Kazunari: My grandparents dreamed of creating their own ryokan, and they opened it in 1928. My grandmother often told me that one day I would be the third generation. In Japan, many family businesses are passed down from generation to generation.
What do you want to pass on to the next generation?
Kazunari and Sachiko: Our name Mukayu means ‘richness in emptiness’, a concept rooted in Zen Buddhism which we want to pass on: here, guests can escape the routine of their daily lives, relax, cleanse and rejuvenate their bodies and minds. A stay at Beniya Mukayu is an empty space in a busy schedule book, it is a time filled with freedom precisely because it is empty…
Tell us about your commitment to the environment
Sachiko: It is crucial that we protect biodiversity. For many years now we have been keeping a record of the flora that grows around the property. We have also designed a Moss Map – more than 30 varieties grow here. We provide these catalogs to guests so they can identify plants they see. If they know more about nature, they are more likely to respect and protect it.
Describe the hospitality of tomorrow…
Sachiko: The Japanese aesthetic is deeply rooted in nature. Looking at Shintoism and Zen Buddhism, one can see that traditionally the Japanese believed that people should live in harmony with nature, not dominate it. We value preserving this heritage, and we want Japanese culture to be accessible to everybody in a modern and international way, thus enriching all our guests’ lives.


ADELE GARBUTT — Director of Calabash Luxury Boutique Hotel on the island of Grenada in the Caribbean. The venue has been family-owned since 1987.


In what way do you represent the Caribbean?
People from the Caribbean are very authentic, naturally friendly, relaxed and charming. They are enjoyable to be around.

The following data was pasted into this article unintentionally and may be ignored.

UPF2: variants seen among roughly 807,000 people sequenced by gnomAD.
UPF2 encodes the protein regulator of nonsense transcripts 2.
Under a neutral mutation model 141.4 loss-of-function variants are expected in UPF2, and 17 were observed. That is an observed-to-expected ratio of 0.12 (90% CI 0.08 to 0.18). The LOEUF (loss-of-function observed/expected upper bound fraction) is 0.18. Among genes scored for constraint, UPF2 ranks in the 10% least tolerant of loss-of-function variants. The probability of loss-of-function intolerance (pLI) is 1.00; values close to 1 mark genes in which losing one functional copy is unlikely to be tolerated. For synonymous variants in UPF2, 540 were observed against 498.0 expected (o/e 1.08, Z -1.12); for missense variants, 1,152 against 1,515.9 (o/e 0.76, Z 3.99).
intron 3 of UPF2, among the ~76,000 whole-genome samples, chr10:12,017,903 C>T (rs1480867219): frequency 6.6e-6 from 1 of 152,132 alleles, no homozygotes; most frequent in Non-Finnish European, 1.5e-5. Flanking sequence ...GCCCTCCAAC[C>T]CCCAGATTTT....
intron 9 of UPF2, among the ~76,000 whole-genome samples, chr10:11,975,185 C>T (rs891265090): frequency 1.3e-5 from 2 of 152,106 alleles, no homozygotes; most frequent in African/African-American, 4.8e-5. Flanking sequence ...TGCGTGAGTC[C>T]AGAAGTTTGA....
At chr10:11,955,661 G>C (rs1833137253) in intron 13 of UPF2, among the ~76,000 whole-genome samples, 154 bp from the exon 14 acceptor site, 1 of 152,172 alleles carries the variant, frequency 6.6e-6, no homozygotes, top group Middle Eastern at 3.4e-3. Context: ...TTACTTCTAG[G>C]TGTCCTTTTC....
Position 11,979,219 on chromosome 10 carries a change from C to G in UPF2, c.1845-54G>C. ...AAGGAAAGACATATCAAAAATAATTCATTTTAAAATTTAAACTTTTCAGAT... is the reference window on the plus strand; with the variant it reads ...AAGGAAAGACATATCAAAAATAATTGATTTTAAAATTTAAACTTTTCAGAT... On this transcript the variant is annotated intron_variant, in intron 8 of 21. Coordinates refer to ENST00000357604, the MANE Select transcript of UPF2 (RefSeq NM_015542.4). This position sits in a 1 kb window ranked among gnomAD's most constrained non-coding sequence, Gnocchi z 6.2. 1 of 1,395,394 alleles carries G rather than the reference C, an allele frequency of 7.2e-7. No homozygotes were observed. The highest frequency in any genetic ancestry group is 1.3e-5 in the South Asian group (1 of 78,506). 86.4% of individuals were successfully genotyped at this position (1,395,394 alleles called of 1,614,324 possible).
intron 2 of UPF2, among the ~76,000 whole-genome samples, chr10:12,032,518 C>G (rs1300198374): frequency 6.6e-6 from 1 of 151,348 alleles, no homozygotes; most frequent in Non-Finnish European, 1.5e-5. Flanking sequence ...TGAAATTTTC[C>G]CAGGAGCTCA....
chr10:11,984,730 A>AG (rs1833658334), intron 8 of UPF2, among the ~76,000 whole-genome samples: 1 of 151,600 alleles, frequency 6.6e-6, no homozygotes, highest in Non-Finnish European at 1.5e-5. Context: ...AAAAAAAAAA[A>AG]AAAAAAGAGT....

A memory…
Growing up in a hotel is such fun. When we were little, my sisters and I invited all our friends for afternoon tea. And now my daughters do the same.
What values have been passed on to you?
Hard work. And to love what I do. I wouldn’t do anything else.
Tell us about your commitment to sustainable agriculture?
We have a rainwater collector, and we use solar energy. My sister Bobbie runs the organic farm (100 acres/40 hectares) that has been on our mother’s side of the family since the 1940s. Working on this fertile volcanic land in a respectful way – agroforestry – is one of the pillars of our hospitality vision. We produce coconuts and we are the second biggest nutmeg exporter on the island. The fruit and vegetables we serve at the hotel come either from our farm or from local certified organic producers.
What would you like to see happen?
I would like to see the entire hotel industry become more responsible for its impact on the environment. We respect seasonality. When guests complain that they don’t have avocados on their plate here even though they can find them easily in New York or London, we explain that they are not in season on the island. We don’t serve what we don’t grow. A third of all carbon emissions come from global agriculture. If we could halve that impact, it would be a step in the right direction.

MARIO SANDOVAL — Chef at the Coque Restaurant, which his grandfather founded in 1955, in Spain. The property is co-owned with his brothers Rafael, who is the sommelier, and Juan Diego, the maître d’hôtel.


If you were a dish or an ingredient...
Pepitoria (stew) from my childhood brings back memories of my mother in the kitchen. I grew up in the kitchen.
A memory…
I see cooking as an expression of life. That vision took shape when I was very young, in the kitchen with my parents. I remember the sound of the mortar, the scent of saffron and bay leaf, the smell of the wood stove. All these things helped cooking becoming my passion.
What is the secret to working successfully as a family?
Mutual respect and love. My brothers and I complement each other.
What qualities have been passed on to you?
The importance of sacrifice and giving value to traditions without being afraid of going in new directions. Respect and a taste for a job well done.
What do you cook for your children?
I like to have breakfast with them and oversee one of the most important meals in their day. As soon as we can get away, we go to Finca de El Jaral (the family farm) and I cook rice in the open air for my family, adding vegetables from the edible garden.
Challenges for today and the future…
Innovation in gastronomy. Taking care of my employees and suppliers. Helping our society to eat healthily.